Splitting the total when a ratio is given is a fairly basic bit of number maths. I first encounter this at middle school level, typically for an 11+ or 13+ maths ISEB entrance exam, or at GCSE maths.
I made a video three years ago on how I explain how a total is split into a given ratio.
Once you have watched the video you will notice how I use whitespace to decode the question and make the problem clearer first.
The problem is a simple one, there are 140 students at a school and the ratio of girls to boys is 3:4. How many girls and how many boys are there at the school?
I first put down the information in a very compact and clean form. Writing the ratio down, and the letter G and B above the relevant part of the ratio. I also write out the total number of students below.
The key to ratio questions is finding 1 part and then amplifying the 1 part to 3 or 4 parts later. Once you have 1 part, it is easy to find as many other parts as you want. So I work out that:
3 parts + 4 parts = 7 parts.
7 parts = 140 students
1 part = 140/7 = 20 students
3 parts = 20 students x 3 = 60 students
4 parts = 20 students x 4 = 80 students
And that’s the question done! Please let me know if you have any comments on the video or this method below.
Below are a few tips for those students who struggle with particular questions in maths, find it frustrating, or freeze doing tests. The new 9-1 grading system has more challenging questions than we have seen previously, so these tips are more important than ever.
- If practising for an exam, do not attempt past papers under timed conditions straight away, instead bitesize the whole process and first do the paper without any time constraints. Time pressure causes the mind to rush and freeze up and you are working at very limited mind capacity to problem solve effectively. Once confident at solving questions with unlimited time, you can gradually introduce a time limit.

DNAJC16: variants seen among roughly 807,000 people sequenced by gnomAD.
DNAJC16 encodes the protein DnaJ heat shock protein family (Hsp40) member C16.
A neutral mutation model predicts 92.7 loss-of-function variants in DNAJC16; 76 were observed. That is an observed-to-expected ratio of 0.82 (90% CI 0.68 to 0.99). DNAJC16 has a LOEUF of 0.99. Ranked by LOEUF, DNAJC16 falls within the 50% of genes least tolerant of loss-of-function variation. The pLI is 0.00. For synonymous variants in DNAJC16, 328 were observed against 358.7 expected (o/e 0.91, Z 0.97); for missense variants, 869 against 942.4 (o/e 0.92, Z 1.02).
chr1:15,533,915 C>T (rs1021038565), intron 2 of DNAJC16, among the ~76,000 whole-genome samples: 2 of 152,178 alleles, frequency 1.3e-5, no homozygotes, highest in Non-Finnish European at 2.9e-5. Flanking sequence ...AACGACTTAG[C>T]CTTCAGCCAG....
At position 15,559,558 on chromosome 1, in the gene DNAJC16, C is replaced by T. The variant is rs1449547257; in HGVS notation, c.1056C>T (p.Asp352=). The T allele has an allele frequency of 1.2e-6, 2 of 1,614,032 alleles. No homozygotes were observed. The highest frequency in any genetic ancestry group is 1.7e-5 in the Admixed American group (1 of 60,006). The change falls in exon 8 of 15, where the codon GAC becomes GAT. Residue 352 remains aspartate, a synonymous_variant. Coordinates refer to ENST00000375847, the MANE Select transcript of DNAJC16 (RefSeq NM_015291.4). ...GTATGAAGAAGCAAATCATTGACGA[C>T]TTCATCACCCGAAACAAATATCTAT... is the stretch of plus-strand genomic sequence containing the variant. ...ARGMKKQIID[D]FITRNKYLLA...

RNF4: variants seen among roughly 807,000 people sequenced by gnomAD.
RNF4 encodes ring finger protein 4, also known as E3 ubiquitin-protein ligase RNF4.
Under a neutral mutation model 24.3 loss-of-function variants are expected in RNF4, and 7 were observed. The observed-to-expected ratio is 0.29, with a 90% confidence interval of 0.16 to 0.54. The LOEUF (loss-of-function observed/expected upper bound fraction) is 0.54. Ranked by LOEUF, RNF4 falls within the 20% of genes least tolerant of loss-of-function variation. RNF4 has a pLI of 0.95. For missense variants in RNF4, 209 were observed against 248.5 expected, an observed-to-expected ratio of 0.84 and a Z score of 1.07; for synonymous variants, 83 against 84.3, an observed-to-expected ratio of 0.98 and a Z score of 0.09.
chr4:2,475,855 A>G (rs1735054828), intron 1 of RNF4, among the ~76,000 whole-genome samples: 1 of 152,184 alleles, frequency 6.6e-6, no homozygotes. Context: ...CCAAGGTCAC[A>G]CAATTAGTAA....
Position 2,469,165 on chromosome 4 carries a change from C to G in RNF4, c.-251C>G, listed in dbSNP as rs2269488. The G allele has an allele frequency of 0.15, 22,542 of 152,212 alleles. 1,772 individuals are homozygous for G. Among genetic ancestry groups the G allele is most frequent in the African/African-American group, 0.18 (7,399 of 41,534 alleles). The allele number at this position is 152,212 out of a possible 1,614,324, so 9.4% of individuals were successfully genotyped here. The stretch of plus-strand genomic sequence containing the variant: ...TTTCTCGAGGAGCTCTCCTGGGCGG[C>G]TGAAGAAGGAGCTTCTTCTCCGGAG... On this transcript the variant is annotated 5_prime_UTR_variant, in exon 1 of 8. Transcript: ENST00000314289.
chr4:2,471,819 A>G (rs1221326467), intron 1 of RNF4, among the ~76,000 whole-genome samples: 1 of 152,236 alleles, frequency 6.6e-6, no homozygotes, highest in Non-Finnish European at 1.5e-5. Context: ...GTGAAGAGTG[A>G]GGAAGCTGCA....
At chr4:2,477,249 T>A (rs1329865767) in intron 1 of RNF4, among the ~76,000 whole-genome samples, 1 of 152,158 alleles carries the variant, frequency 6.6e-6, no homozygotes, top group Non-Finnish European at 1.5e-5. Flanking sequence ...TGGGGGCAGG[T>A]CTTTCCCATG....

- In geometry questions, a 4 colour pen is invaluable. Are there any parallel lines involved? Then sketch the parallel lines in red. You will be surprised by how much new information is now revealed and you can “see” the problem much clearer with colour.
- Make sure you use a rough column (on the right hand side) or rough paper to write out what you are thinking, even if it simple multiplication. The more you free your mind (working memory, a bit like computer RAM) up from irrelevant information, the more “space” there is for your mind to solve the actual problem. Think of a shopping list, it is tempting to remember it all, but once you’ve put it on paper you can focus on other things. The other benefit of writing out is that it gives the examiner important clues to your thinking. I marked thousands of GCSE exam scripts for an exam board and we were trained to pick out even the smallest hint that you are thinking along the right track. Just one number scribbled might get you extra method marks!
- The use of white-space on paper is worthy of a chapter in itself. But in summary : Use lots of paper and space to write. When your writing gets squashed into a corner or at the side of the page, it clutters the mind as well. So use plenty of space when writing. Even if your mind feels cluttered, the use of nice open white space will clear things out in your head too.
- Cuisenaire rods are an invaluable resource for primary school children starting off in maths, or those with Dyscalculia. Anything physical that you can touch, see and move around is invaluable. Lego cubes are superb for working out plan and elevation drawings.
- Say it out while writing. This might seem a bit odd, but when you say out something as you write it, it really helps you process things much better. In fact this is the kingpin of my method when tutoring maths online to my students.
- Stuck at a problem for ages? Leave it, and come back to it and start again on a clean, fresh piece of paper. Your subconscious is very powerful and may have solved (or part solved) the problem while you were having your break.
- Ask for help: Ok, so you tried everything and nothing so far has helped. Don’t be afraid to ask for help, there are so many that can help you. Your teacher, any place where there are extra maths lessons, maybe a relative or even other students that you know. Try talking out the problem with friends and you may find that in trying to explain the question you’ve already solved it. And of course, you can always ask the help of a tutor too.
So there you have it. I use these methods when tutoring maths. Pretty much at all levels from primary, to Common Entrance 13+, to iGCSE maths exams, and during A Level maths tuition sessions online. My list is by no means complete and I am very curios to know how you get yourself unstuck, or if you are a teacher yourself please do write in the comments below and let me know what you think.